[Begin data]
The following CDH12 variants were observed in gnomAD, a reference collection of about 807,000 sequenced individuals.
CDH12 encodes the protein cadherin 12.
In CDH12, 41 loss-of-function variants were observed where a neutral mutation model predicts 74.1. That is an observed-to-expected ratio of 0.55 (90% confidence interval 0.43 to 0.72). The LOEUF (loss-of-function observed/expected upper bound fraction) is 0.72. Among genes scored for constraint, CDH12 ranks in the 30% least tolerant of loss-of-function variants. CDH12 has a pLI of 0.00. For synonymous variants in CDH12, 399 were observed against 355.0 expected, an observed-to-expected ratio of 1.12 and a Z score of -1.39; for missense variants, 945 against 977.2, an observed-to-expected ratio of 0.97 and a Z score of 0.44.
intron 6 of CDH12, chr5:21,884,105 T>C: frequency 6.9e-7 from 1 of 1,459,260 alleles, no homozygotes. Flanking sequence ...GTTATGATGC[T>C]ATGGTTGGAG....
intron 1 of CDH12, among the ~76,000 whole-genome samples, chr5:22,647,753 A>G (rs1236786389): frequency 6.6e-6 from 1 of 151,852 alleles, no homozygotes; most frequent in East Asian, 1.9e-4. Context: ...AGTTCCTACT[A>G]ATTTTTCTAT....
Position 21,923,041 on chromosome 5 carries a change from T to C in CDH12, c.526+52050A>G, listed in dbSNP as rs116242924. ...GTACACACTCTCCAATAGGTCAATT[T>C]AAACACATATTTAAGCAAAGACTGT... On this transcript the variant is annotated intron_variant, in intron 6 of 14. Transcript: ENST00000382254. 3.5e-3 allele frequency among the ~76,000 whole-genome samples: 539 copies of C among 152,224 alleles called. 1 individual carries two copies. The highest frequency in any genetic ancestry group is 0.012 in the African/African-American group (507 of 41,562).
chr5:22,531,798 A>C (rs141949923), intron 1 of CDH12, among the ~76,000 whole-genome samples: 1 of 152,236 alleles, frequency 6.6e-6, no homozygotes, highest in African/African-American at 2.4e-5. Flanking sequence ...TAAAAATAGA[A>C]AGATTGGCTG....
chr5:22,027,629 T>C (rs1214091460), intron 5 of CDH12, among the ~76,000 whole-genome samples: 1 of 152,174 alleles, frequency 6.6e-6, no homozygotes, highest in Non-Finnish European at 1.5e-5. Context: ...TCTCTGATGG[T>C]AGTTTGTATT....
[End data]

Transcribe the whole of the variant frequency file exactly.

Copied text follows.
The following CDH12 variants were observed in gnomAD, a reference collection of about 807,000 sequenced individuals.
CDH12 encodes the protein cadherin 12.
In CDH12, 41 loss-of-function variants were observed where a neutral mutation model predicts 74.1. That is an observed-to-expected ratio of 0.55 (90% confidence interval 0.43 to 0.72). The LOEUF (loss-of-function observed/expected upper bound fraction) is 0.72. Among genes scored for constraint, CDH12 ranks in the 30% least tolerant of loss-of-function variants. CDH12 has a pLI of 0.00. For synonymous variants in CDH12, 399 were observed against 355.0 expected, an observed-to-expected ratio of 1.12 and a Z score of -1.39; for missense variants, 945 against 977.2, an observed-to-expected ratio of 0.97 and a Z score of 0.44.
intron 6 of CDH12, chr5:21,884,105 T>C: frequency 6.9e-7 from 1 of 1,459,260 alleles, no homozygotes. Flanking sequence ...GTTATGATGC[T>C]ATGGTTGGAG....
intron 1 of CDH12, among the ~76,000 whole-genome samples, chr5:22,647,753 A>G (rs1236786389): frequency 6.6e-6 from 1 of 151,852 alleles, no homozygotes; most frequent in East Asian, 1.9e-4. Context: ...AGTTCCTACT[A>G]ATTTTTCTAT....
Position 21,923,041 on chromosome 5 carries a change from T to C in CDH12, c.526+52050A>G, listed in dbSNP as rs116242924. ...GTACACACTCTCCAATAGGTCAATT[T>C]AAACACATATTTAAGCAAAGACTGT... On this transcript the variant is annotated intron_variant, in intron 6 of 14. Transcript: ENST00000382254. 3.5e-3 allele frequency among the ~76,000 whole-genome samples: 539 copies of C among 152,224 alleles called. 1 individual carries two copies. The highest frequency in any genetic ancestry group is 0.012 in the African/African-American group (507 of 41,562).
chr5:22,531,798 A>C (rs141949923), intron 1 of CDH12, among the ~76,000 whole-genome samples: 1 of 152,236 alleles, frequency 6.6e-6, no homozygotes, highest in African/African-American at 2.4e-5. Flanking sequence ...TAAAAATAGA[A>C]AGATTGGCTG....
chr5:22,027,629 T>C (rs1214091460), intron 5 of CDH12, among the ~76,000 whole-genome samples: 1 of 152,174 alleles, frequency 6.6e-6, no homozygotes, highest in Non-Finnish European at 1.5e-5. Context: ...TCTCTGATGG[T>C]AGTTTGTATT....